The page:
It is critical that you set aside your monthly mortgage payments even if you disagree with your lender, or its servicer, as to what the payment should be. If your lender, for example, is demanding payments of $4,100 per month on your mortgage, but you believe that the accurate amount of the monthly payments is $1,980, you should set aside monthly mortgage payments in the amount of $1,980. To do this, you must go to a bank of your choice and open a special account into which you deposit each month the mortgage payment in the amount you agree is due. It must be a special bank account, not one in which you co-mingle the mortgage payments with some other money, such as a savings or checking account, or your kids’ college fund account. The only money which goes in to this special account is your monthly mortgage payment in the amount determined by you in an account managed solely by you.
Under no conditions should you give yourself a mortgage payment holiday.
Under no conditions should you use this mortgage money to pay off
other bills or expenses. If you do this, you will provide the
lending institutions their most powerful argument. That argument is
that you are a deadbeat who is looking for a free lunch, i.e.,
someone who has lived rent free for the last number of months and
wants to continue to live rent free, a free-loader who is looking
for a "sugar" bank to support him, and is willing to make up stories
to accomplish this. You will sell your most precious possession,
your integrity and your word, for less than thirty pieces of silver.
The legal system will treat you accordingly. If you have failed to
save these payments for the last several months, begin now. Better
late than never.
Prepare Your Papers and Your Story
You should begin the process of compiling all of the papers surrounding the re-finance or purchase of your property, the one which is in foreclosure. This is particularly important if you believe that you were misled into this loan or that things were not disclosed to you which should have been. If you do not have all of your paperwork, you can contact the title/escrow company and request copies of the documents which they have. There may be a modest copying charge. These companies may not have all of the paperwork concerning your loan, but what they do have will be helpful.
Additionally, it is important that you outline (or even write) a narrative of what occurred with your loan if you believe that you were misled or mis-representations were made to you. This narrative must be comprehensive, containing factual details. The law requires specificity in those cases in which wrongdoing and fraud is alleged. This narrative will be critical in the event that litigation becomes necessary, and certainly will be helpful in pre-litigation conversations.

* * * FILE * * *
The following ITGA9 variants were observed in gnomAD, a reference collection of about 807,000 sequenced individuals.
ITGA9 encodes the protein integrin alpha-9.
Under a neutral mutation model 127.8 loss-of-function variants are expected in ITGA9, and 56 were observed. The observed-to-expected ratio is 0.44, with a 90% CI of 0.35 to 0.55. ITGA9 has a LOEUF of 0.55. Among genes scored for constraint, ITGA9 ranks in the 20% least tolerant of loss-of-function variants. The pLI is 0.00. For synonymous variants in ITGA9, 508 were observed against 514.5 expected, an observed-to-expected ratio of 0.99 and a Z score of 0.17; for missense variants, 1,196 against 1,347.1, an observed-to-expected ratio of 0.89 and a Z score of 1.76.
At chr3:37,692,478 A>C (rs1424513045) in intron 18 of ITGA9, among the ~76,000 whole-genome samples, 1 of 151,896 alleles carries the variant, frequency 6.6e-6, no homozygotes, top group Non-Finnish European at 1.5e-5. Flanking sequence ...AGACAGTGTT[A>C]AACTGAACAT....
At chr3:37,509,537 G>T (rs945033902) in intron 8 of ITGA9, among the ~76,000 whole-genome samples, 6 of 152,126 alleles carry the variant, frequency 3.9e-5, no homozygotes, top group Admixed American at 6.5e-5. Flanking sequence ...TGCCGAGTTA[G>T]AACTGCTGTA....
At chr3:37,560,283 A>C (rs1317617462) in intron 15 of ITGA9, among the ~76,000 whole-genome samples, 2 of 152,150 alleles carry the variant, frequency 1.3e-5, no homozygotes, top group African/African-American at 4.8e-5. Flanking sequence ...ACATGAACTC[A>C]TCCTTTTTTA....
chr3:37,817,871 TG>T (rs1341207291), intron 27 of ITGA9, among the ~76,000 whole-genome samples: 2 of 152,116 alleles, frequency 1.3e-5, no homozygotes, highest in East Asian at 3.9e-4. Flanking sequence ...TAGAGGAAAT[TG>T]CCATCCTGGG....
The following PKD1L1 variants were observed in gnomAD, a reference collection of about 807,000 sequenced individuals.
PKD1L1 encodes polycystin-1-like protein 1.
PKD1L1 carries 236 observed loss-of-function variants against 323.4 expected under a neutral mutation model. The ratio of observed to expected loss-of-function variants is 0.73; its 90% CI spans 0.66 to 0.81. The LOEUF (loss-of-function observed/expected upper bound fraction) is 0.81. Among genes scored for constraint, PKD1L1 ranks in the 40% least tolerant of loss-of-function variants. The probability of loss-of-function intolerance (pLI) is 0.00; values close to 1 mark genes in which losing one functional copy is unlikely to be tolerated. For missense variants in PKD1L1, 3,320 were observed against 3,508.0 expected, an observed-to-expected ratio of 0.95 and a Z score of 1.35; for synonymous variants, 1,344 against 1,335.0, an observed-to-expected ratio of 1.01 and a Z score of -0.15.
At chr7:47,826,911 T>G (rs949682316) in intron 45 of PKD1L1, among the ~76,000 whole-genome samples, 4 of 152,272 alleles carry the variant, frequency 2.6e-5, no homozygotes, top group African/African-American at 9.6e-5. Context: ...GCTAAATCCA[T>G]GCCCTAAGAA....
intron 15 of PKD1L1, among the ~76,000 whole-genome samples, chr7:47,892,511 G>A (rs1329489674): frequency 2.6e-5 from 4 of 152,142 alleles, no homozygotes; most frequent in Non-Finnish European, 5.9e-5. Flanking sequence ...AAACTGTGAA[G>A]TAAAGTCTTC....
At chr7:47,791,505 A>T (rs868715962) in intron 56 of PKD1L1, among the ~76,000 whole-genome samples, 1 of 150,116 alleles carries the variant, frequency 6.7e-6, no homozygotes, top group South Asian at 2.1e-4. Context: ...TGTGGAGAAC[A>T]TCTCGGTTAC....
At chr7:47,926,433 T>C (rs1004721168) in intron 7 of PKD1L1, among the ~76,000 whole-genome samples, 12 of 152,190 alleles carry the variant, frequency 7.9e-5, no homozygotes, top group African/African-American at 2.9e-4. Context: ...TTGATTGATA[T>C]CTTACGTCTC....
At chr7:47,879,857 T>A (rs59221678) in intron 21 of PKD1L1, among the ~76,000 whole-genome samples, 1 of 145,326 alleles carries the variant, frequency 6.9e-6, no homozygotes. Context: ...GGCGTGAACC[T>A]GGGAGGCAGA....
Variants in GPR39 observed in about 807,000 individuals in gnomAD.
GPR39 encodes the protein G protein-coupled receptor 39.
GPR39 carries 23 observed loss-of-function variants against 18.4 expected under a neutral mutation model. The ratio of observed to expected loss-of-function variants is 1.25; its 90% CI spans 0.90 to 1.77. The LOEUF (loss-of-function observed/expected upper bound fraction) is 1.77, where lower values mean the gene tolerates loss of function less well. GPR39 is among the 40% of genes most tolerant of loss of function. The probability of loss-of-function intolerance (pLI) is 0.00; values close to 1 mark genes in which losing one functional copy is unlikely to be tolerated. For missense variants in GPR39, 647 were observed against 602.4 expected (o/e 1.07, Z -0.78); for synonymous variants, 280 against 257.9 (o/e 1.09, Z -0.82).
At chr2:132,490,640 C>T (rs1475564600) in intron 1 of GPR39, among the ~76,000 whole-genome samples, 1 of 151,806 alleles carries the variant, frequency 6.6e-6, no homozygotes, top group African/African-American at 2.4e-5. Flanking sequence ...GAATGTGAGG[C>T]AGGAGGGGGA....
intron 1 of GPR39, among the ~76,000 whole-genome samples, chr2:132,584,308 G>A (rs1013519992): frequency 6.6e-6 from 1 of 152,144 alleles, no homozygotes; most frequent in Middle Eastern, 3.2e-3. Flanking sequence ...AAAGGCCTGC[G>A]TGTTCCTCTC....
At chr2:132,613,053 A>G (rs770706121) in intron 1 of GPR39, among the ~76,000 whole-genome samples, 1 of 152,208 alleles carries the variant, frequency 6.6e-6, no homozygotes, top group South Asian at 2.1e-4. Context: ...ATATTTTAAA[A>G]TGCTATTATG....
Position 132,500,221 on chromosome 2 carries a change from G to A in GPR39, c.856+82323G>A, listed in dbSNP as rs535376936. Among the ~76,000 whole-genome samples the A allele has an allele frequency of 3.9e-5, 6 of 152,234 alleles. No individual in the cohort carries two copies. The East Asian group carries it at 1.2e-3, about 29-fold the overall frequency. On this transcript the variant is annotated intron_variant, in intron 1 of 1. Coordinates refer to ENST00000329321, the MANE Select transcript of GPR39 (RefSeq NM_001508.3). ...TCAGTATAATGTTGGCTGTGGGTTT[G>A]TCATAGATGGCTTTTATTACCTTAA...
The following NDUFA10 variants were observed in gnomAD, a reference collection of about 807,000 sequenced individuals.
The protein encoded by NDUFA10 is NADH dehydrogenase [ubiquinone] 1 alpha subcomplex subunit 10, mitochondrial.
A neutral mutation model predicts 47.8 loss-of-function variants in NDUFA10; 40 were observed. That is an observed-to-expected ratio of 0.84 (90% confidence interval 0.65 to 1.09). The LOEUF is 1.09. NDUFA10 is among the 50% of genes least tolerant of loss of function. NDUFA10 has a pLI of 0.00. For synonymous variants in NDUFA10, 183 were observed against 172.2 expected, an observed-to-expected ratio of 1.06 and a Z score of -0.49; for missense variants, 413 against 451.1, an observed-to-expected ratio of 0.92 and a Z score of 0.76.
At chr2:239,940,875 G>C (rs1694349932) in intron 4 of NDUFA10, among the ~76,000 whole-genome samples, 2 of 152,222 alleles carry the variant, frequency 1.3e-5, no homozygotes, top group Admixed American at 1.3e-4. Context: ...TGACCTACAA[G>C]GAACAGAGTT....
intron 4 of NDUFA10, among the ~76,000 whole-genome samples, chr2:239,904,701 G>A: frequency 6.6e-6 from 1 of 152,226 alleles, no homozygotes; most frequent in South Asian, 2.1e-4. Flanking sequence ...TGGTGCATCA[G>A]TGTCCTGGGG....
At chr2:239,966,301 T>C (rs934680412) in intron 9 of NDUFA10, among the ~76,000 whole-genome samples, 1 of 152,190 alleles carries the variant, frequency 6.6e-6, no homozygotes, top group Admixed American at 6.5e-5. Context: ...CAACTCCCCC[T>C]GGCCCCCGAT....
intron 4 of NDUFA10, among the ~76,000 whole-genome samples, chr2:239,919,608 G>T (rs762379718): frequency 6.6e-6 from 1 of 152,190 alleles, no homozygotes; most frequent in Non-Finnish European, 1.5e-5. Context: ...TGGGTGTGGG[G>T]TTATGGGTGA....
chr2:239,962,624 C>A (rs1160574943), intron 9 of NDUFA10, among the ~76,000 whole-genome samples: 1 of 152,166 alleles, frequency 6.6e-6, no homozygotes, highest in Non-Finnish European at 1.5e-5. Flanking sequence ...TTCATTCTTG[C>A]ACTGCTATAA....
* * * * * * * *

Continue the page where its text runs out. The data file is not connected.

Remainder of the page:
Courts require that actions alleging fraud be pled specifically. You must (1) state the precise fraudulent representations; (2) how they were false when made (3) clearly identify the speaker; and (4) state when and were the statements were made.
Charges and Fees
You should IMMEDIATELY obtain a breakdown, a detailed itemization, of the amounts the bank is demanding. If you hope to reinstate your defaulted note, you should submit a request for a Beneficiary Statement to your foreclosing lender (the beneficiary) and the trustee. This statement will tell you how much you have to pay in charges and fees in order to reinstate the note. This statement must be requested within 2 months of the recording of the notice of default. Additionally, you should obtain a Payoff Demand Statement. This demand must be submitted to the lender and trustee within 3 months of the recording of the notice of default. It must be submitted prior to the recording of a notice of trustee sale. You will note that these statements are a part of the request discussed above.
These statements will allow you to detect inflated charges, particularly attorney and trustee fees. The bank and trustee are not permitted to charge you as much as they want (they would like you to believe that they can). Their default attorney/trustee fees are limited by law and are based on a formula set forth in California Civil Code §2924c(d).
The fees increase if a notice of trustee sale is recorded.
Discerning the amounts that the bank is charging you is crucial, particularly if you suspect inflated fees or overcharging. Inflated fees = theft = fraud. This information alone can trigger other substantial legal protections to delay or prevent this foreclosure.